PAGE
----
Machines today struggle to match human capabilities in creativity and compassion and this actually brings forth numerous opportunities for humanity. However, unlocking this potential will require humans to overcome their often self imposed limitations.

We’re moving from the outdated concept of company culture to company consciousness.

Could you start by sharing more about your background?

I was a recruited athlete, a runner at West Point, part of the best distance running team in the institution’s history. I was president of my class at the academy, then branched Infantry and served as an Airborne Ranger in the Army; basically I made a living jumping out of airplanes and helicopters through the night.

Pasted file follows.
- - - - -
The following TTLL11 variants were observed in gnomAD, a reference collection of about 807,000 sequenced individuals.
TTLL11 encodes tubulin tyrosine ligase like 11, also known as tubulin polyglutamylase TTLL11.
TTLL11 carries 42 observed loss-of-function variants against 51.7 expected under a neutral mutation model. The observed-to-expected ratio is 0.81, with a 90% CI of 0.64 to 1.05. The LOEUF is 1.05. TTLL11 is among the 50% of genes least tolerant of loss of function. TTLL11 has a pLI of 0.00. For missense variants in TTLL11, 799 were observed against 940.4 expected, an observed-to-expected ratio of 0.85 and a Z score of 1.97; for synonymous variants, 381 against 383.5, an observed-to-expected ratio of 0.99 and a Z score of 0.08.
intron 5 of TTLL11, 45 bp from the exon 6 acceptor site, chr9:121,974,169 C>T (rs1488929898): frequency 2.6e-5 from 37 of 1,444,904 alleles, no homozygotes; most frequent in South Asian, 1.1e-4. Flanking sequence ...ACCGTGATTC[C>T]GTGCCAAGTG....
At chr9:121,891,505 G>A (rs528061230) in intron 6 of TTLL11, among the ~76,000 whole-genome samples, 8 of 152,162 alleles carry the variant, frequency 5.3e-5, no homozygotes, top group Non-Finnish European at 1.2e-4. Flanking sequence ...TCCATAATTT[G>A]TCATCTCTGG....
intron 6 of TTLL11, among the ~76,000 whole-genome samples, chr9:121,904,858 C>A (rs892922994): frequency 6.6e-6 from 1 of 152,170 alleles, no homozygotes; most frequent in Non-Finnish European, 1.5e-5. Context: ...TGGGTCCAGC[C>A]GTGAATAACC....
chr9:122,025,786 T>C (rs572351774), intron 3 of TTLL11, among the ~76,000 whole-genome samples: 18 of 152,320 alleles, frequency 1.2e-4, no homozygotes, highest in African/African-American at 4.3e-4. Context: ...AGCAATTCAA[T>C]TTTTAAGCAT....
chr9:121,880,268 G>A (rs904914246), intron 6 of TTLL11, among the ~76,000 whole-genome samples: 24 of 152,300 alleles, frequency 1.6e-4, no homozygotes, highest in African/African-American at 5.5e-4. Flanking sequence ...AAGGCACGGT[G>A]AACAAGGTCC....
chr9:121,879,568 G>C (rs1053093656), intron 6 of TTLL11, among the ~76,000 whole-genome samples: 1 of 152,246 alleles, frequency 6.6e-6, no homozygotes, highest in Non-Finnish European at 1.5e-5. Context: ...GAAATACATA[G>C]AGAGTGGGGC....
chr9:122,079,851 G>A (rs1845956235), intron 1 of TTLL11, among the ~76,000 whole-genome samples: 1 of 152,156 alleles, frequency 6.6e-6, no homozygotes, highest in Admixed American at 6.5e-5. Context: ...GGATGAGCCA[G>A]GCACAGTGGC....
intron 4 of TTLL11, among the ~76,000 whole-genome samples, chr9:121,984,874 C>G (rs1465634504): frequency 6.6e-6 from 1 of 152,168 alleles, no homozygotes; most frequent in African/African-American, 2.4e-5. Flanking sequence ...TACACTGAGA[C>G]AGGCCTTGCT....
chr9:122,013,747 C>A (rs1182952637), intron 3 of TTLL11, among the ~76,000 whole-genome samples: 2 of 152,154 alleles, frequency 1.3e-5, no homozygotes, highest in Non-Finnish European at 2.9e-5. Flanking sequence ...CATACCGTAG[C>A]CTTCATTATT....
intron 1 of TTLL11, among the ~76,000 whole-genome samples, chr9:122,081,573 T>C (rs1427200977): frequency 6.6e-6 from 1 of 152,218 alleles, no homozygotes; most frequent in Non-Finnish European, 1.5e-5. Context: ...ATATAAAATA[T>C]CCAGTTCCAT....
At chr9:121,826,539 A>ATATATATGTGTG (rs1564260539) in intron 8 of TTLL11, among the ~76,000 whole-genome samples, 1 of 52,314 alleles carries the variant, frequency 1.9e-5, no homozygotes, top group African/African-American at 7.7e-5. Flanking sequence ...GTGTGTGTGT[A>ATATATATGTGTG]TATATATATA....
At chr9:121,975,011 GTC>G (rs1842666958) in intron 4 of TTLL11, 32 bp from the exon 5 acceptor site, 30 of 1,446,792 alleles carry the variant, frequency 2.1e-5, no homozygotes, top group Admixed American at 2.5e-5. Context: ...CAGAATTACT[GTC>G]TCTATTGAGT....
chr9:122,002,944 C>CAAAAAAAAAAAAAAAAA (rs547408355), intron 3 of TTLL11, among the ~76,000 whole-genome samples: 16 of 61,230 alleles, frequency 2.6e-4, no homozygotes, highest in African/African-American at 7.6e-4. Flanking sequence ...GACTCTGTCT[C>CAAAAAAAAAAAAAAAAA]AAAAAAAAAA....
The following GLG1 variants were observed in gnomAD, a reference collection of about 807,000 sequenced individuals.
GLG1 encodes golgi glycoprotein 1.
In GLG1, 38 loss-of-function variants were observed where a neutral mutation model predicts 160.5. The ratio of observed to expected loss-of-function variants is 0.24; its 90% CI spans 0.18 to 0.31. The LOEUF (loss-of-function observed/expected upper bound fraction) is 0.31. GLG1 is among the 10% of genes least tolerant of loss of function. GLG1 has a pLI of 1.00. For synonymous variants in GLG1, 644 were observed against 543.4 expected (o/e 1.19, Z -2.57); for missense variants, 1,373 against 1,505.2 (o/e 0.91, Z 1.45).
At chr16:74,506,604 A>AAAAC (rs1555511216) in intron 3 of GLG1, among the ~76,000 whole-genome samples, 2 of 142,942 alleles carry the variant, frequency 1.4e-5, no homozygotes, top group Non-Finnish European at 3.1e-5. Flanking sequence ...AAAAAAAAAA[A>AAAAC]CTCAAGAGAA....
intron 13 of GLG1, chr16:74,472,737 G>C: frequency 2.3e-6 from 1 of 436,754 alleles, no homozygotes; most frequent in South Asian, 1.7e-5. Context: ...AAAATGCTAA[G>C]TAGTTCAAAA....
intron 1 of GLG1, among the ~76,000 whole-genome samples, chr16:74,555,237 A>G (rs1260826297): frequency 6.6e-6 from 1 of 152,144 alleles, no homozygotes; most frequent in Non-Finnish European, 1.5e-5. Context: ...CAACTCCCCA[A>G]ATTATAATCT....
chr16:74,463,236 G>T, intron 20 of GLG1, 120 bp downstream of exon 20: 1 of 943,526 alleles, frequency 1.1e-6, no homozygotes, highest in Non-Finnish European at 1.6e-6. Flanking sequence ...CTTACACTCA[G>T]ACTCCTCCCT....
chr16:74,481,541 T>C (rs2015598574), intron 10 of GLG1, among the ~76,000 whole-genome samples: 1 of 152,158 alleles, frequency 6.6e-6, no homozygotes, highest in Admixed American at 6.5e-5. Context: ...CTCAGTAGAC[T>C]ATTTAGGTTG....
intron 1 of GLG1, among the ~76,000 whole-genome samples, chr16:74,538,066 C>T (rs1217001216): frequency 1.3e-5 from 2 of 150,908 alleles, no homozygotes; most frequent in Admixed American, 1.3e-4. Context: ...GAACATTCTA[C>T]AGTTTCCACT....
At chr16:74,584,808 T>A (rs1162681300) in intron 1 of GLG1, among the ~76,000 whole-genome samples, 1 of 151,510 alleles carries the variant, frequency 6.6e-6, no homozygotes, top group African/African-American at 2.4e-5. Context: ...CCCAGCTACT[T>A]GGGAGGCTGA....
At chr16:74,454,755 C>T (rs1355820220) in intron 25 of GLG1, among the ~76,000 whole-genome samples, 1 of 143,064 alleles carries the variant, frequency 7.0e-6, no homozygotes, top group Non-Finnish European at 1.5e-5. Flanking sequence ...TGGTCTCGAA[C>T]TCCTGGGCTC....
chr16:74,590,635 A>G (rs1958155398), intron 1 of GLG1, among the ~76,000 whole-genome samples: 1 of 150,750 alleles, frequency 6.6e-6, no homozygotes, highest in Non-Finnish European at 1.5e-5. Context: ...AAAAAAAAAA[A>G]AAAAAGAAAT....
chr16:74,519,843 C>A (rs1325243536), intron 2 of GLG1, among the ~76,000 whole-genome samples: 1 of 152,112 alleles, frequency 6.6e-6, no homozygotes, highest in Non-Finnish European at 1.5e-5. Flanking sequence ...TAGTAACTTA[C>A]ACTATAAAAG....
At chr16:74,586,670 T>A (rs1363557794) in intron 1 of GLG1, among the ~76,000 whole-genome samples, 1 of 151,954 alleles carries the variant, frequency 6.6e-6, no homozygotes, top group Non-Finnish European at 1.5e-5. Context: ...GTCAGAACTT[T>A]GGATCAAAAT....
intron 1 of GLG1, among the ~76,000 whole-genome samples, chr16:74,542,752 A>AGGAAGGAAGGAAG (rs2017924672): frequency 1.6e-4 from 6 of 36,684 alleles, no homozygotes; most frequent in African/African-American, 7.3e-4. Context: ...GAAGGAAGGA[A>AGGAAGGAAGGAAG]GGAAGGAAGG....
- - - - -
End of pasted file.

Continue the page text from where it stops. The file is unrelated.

After my military service, I joined Janus Henderson, a Denver and London-based asset management company, where I led the institutional team. While I learned a ton being involved in mergers and acquisitions, I became disillusioned by the inefficiencies of large, publicly traded companies, especially the time wasted on discussions unlikely to materialize. Leaving in 2007, I co-founded founded Pacific Current Group in the financial services sector. It expanded into 19 companies across four continents and went public in Sydney, Australia, in 2014. It’s still traded on the ASX under PAC. Starting amid the financial crisis, we had to drastically evolve the company’s direction over seven years. I went on to serve as President of Crestone Capital, a multifamily office of entrepreneur-investors, from 2016 to 2019. However, I found that being a passive investor felt one step removed; I missed building and growing companies. I prefer being hands-on, actively involved in creating and growing businesses.